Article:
Meet Gayle De Caro: Category Manager of Specialty Cheese & Deli Merchandising
Gayle De Caro first fell in love with cheese on family trips to Wisconsin. She and her husband moved to Iowa early in their marriage, and every fall, they would go apple picking in the neighboring state. “I was so fascinated by all the big mounds of different cheeses at the orchards — I mean, Wisconsin has cheese everywhere,” she laughs. “We’d bring apples and cheese home, and that would get us through the long, hard winter. It became this big tradition, and I’ve transferred a lot of the memories from that time into the passion I feel for my work now.”
Gayle is our category manager of specialty cheese and deli merchandising. She began working at Gelson’s a little over 40 years ago, and after just a few months behind the service deli counter, she jumped at the opportunity to work as a cheesemonger. “I like to be creative with my hands,” she says. “So taking those big wheels and blocks of cheese and cutting them and making them look like something — I just found that very interesting.”
That passion drove her to further her education, both on her own time and behind the counter. She got a Level 2 Award in wine certification from the Wine & Spirit Education TrustOpens in a new window so she could provide customers with expert wine and cheese pairings. And in 2013, she took the American Cheese Society’sOpens in a new window Certified Cheese Professional® exam (think: the bar exam of cheese), which requires 4,000 hours of professional, cheese-only experience. Only 200 or so people in all of North America qualify to take the exam each year, and since it was first offered in 2012, fewer than 1,000 people have passed. For nine months, Gayle furiously studied the biology and chemistry of cheese, food safety regulations, the cheesemaking process, pricing, the lactation cycles of cows, sheep, and goats — and the list goes on. “I had flash cards with me everywhere, and then I would go to cheese shops in my free time to taste,” she says. “I was so nervous because it was so intense.”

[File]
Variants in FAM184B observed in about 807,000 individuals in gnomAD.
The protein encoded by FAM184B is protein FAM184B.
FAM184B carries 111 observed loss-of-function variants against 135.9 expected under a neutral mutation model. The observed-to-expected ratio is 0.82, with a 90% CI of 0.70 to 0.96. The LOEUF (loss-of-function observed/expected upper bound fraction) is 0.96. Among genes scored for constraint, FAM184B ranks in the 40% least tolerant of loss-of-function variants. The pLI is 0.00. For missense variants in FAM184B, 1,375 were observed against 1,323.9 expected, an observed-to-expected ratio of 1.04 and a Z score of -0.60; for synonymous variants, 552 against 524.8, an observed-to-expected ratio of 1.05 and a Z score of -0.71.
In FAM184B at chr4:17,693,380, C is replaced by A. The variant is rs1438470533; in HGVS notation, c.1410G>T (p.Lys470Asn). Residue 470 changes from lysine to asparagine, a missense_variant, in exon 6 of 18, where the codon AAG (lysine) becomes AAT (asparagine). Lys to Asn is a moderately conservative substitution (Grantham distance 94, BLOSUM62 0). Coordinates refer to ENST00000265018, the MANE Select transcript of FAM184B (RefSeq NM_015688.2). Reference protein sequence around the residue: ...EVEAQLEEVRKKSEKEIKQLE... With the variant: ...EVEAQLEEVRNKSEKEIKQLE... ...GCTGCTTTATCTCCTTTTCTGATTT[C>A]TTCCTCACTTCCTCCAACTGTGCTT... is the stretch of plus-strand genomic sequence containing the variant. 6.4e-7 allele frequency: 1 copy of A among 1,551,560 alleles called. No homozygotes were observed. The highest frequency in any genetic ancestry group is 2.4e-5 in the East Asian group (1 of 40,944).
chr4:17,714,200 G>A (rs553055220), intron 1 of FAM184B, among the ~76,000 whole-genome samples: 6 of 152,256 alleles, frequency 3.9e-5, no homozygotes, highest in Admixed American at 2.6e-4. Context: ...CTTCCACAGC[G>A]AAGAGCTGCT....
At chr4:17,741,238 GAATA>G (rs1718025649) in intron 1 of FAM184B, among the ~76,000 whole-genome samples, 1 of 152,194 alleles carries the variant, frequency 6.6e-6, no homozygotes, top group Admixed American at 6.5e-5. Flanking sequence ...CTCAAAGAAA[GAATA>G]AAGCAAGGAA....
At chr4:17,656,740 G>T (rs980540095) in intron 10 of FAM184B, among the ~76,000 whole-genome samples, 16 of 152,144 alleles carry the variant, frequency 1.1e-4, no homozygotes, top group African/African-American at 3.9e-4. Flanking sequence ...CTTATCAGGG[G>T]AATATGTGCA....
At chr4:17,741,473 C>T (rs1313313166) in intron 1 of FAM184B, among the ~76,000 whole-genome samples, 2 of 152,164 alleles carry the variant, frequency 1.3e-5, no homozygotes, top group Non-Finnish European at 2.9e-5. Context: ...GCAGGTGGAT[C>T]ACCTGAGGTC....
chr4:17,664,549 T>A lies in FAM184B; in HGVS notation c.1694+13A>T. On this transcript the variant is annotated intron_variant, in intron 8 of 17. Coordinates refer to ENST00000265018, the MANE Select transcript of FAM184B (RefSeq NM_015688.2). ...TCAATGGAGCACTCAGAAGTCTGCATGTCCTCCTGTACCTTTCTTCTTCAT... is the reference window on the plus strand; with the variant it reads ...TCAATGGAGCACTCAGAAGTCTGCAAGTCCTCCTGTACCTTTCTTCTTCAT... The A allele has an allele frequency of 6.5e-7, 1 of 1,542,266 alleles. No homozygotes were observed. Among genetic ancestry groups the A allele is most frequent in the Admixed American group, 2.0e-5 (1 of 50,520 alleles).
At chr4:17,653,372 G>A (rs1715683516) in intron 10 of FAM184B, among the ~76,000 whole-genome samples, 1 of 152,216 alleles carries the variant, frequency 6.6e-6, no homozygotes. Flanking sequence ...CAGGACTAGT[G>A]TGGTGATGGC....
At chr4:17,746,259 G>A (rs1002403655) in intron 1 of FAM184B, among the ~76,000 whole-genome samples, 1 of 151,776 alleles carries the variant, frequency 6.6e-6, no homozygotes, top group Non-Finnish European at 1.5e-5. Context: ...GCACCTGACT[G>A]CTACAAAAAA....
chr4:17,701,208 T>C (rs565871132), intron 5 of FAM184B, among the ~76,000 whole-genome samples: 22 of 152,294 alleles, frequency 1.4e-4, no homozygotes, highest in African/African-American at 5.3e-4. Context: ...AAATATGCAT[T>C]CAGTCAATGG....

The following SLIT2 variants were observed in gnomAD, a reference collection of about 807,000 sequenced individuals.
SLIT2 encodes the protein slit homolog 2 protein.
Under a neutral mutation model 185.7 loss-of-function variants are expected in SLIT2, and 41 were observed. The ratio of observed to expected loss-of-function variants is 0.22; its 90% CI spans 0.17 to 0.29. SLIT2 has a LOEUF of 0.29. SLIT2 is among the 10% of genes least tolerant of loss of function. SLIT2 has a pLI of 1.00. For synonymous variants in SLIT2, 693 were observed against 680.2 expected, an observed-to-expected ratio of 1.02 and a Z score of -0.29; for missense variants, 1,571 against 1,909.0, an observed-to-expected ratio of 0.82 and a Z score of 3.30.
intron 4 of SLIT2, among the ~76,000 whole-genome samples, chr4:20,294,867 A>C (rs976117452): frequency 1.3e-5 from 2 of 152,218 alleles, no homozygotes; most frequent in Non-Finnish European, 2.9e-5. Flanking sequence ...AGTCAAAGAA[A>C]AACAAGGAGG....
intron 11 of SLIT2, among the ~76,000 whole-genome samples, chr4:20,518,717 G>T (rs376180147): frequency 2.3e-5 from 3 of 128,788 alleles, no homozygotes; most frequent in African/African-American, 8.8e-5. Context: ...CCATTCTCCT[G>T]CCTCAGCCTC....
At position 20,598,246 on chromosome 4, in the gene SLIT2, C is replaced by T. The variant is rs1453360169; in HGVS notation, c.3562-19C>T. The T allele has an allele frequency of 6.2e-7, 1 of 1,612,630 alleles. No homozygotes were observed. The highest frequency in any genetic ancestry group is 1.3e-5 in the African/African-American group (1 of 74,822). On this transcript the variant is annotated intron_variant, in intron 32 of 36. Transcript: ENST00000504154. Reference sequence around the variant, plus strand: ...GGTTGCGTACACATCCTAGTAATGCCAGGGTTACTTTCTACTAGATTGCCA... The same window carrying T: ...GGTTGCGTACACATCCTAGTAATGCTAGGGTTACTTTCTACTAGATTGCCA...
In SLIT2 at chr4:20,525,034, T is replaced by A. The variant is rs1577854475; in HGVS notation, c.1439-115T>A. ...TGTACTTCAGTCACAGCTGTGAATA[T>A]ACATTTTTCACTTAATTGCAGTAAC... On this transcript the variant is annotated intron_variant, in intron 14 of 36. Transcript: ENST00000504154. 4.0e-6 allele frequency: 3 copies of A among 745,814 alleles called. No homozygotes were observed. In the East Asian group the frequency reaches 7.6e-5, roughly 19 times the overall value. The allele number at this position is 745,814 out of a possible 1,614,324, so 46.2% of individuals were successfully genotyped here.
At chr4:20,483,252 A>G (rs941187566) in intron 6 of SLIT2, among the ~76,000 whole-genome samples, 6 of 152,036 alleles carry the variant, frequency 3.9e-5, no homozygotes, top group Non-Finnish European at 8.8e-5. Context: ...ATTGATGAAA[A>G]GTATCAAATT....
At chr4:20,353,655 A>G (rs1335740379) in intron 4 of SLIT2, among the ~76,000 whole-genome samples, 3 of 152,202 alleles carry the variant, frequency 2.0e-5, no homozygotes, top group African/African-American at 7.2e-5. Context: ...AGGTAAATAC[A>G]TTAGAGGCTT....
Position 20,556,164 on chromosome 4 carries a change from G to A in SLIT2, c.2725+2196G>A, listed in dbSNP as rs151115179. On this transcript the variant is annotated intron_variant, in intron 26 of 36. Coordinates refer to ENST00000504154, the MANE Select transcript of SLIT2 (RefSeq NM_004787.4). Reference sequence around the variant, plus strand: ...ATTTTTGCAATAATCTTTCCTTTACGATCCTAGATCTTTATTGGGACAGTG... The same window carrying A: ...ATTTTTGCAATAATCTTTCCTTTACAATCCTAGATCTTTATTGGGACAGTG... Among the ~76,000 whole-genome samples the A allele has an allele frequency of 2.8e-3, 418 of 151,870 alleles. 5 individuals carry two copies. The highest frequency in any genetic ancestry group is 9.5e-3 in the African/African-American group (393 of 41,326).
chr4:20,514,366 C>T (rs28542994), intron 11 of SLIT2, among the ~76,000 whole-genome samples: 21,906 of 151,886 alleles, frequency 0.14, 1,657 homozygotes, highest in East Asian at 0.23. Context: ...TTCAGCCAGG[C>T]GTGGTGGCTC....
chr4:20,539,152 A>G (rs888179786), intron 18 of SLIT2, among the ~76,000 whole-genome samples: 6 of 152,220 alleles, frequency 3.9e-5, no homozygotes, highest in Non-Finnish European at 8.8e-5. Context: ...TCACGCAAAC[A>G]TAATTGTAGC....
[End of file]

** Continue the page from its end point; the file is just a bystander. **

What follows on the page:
Spoiler alert: she passed. Since then, Gayle has used her expertise not only to help three of her teammates pass the exam, but also to ensure that all of Gelson’s cheesemongers are knowledgeable in their craft. “We have a lot of people who come in from other stores or from our vendors who can’t believe how educated and put-together our employees are.”
Today, Gayle still finds ways to continue learning, especially when it comes to industry trends. Last year, she helped create a display of new cheese trends for the annual International Dairy Deli Bakery AssociationOpens in a new window trade show. She’s also president of the California Cheese and Butter AssociationOpens in a new window and a member of the New World Chapter of the Guilde Internationale de FromagersOpens in a new window — an organization based in France whose mission is to promote cheese and the men and women who make it, as well as dairy farmers and retailers.